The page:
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Molybdenum dioxide



Molybdenum dioxide
IUPAC name molybdenum(IV) oxide
Other names molybdenum dioxide
Identifiers
CAS number 18868-43-4
Properties
Molecular formula MoO2
Molar mass 127.939 g/mol
Appearance brownish violet
Density 6.5 g/cm3
Melting point

1100 °C(decomposes)

Except where noted otherwise, data are given for
materials in their standard state
(at 25 °C, 100 kPa)

Infobox disclaimer and references

Molybdenum dioxide is the chemical compound with the formula MoO2. It is a violet-colored solid and is a metallic conductor. It crystallizes in a monoclinic cell, and has a distorted rutile, (TiO2) crystal structure. In TiO2 the oxide anions are close packed and titanium atoms occupy half of the octahedral interstices (holes). In MoO2 the octahedra are distorted, the Mo atoms are off-centre, leading to alternating short and long Mo – Mo distances. The short Mo – Mo distance is 251 pm which is less than the Mo – Mo distance in the metal, 272.5 pm. The bond length is shorter than would be expected for a single bond. The bonding is complex and involves a delocalisation of some of the Mo electrons in a conductance band accounting for the metallic conductivity[1].
MoO2 can be prepared :

  • by reduction of MoO3 with Mo over the course of 70 hours at 800 °C. The tungsten analogue, WO2, is prepared similarly.
2 MoO3 + Mo → 3 MoO2
  • by reducing MoO3 with H2 or NH3 below 470°C [2]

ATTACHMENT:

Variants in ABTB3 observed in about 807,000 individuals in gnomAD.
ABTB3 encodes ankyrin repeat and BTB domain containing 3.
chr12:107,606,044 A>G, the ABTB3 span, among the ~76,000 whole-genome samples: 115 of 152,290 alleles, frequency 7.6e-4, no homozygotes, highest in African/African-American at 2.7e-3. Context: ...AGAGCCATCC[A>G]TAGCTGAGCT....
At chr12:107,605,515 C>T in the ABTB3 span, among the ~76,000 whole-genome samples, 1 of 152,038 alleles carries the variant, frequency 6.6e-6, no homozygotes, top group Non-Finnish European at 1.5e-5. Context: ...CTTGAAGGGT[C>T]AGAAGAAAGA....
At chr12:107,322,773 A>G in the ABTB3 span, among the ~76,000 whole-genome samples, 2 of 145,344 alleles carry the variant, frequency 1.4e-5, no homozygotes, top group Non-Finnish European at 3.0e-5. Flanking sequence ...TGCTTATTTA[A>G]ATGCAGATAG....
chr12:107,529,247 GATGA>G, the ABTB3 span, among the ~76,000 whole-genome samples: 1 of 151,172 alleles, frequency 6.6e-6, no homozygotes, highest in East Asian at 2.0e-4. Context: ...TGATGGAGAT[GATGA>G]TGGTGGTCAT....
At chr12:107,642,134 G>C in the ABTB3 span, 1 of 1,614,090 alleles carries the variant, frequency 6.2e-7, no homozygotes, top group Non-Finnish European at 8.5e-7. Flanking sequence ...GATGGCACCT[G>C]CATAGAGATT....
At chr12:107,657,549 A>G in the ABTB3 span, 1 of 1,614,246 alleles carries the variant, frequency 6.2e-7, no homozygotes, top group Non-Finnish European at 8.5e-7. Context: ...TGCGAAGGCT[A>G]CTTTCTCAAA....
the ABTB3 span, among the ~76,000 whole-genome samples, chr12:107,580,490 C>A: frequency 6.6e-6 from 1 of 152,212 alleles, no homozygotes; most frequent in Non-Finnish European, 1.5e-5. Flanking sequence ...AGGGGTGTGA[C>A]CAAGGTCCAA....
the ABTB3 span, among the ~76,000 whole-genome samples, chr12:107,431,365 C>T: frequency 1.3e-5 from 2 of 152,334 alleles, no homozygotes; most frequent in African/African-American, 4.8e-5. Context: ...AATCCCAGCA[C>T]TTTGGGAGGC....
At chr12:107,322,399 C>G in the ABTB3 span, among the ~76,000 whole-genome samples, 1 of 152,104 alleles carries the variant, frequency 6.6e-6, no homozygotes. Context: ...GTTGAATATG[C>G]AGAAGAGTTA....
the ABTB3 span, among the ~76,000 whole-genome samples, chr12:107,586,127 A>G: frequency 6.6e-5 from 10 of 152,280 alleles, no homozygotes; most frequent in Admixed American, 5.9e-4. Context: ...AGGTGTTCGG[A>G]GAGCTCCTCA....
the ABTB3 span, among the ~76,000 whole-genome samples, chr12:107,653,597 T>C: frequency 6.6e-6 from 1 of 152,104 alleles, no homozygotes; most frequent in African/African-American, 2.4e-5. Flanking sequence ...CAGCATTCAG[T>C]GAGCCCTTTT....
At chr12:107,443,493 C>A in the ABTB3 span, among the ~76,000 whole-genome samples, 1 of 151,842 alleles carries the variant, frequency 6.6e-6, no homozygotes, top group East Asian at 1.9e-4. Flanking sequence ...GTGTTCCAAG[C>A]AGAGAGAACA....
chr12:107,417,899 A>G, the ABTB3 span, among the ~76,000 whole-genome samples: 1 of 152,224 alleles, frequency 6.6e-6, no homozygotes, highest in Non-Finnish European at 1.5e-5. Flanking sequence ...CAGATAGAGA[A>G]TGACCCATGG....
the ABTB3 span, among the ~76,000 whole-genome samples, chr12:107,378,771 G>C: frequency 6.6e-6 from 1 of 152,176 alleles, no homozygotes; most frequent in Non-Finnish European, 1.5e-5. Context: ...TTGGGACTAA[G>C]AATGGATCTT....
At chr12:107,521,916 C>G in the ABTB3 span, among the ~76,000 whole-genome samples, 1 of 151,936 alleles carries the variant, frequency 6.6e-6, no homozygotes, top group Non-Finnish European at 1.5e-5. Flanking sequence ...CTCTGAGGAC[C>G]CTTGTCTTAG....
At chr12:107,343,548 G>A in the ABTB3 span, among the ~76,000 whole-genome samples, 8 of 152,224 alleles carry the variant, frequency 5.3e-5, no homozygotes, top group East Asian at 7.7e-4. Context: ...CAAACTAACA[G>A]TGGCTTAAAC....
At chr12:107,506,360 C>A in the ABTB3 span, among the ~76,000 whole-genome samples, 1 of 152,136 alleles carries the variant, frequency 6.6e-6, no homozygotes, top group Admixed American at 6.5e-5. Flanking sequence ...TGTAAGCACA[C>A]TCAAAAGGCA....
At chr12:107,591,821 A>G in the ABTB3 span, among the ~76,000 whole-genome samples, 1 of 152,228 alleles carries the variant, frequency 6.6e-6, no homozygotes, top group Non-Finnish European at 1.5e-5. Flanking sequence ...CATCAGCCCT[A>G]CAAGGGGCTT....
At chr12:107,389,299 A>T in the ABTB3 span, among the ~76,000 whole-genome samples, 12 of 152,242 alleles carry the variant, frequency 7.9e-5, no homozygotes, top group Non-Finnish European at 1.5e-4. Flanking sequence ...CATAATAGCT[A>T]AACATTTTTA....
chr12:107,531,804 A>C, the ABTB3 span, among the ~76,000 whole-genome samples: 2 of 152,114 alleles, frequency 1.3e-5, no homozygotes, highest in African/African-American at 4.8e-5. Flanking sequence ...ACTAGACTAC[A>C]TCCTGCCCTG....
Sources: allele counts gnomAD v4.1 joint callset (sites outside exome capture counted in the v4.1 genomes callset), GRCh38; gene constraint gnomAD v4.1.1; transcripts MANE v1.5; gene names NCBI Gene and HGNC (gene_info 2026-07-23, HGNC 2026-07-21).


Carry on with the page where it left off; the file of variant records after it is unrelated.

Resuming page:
Additional recommended knowledge

Single crystals are obtained by chemical transport using iodine. Iodine reversibly converts MoO2 into the volatile species MoO2I2[3].

Molybdenum oxide is a constituent of "technical molybdenum oxide" produced during the industrial processing of MoS2[4]:

2 MoS2 + 7O2 → 2MoO3 + 4SO2
MoS2 + 6MoO3 → 7MoO2 + 2SO2
2 MoO2 + O2 → 2MoO3

MoO2 has been reported as catalysing the dehydrogenation of alcohols[5] and the reformation of hydrocarbons[6]. Molybdenum nano-wires have been produced by reducing MoO2 deposited on graphite[7]

References

  1. ^ Oxides: Solid state chemistry McCarroll W.H. Encyclopedia of Inorganic Chemistry Ed R. Bruce King, (1994), John Wiley & sons ISBN 0-471-93620-0
  2. ^ Cotton, F. Albert; Wilkinson, Geoffrey; Murillo, Carlos A.; Bochmann, Manfred (1999). Advanced Inorganic Chemistry (6th Edn.) New York:Wiley-Interscience. ISBN 0-471-19957-5.
  3. ^ Conroy, L. E.; Ben-Dor, L. "Molybdenum(IV) Oxide and Tungsten(IV) Oxides Single-Crystals" Inorganic Syntheses 1995, volume 30, pp. 105-107. ISBN 0-471-30508-1
  4. ^ Metallurgical furnaces Jorg Grzella, Peter Sturm, Joachim Kruger, Markus A. Reuter, Carina Kogler, Thomas Probst, Ullmans Encyclopedia of Industrial Chemistry
  5. ^ A. A. Balandin and I. D. Rozhdestvenskaya, Russian Chemical Bulletin, 8, 11, (1959), 1573 doi:10.1007/BF00914749
  6. ^ Molybdenum based catalysts. I. MoO2 as the active species in the reforming of hydrocarbons A. Katrib, P. Leflaive, L. Hilaire and G. Maire Catalysis Letters, 38, 1-2, (1996) doi:10.1007/BF00806906
  7. ^ Synthesis of Molybdenum Nanowires with Millimeter-Scale Lengths Using Electrochemical Step Edge Decoration M. P. Zach, K. Inazu, K. H. Ng, J. C. Hemminger, and R. M. Penner Chem. Mater. (2002),14, 3206 doi:10.1021/cm020249a
 
This article is licensed under the GNU Free Documentation License. It uses material from the Wikipedia article "Molybdenum_dioxide". A list of authors is available in Wikipedia.
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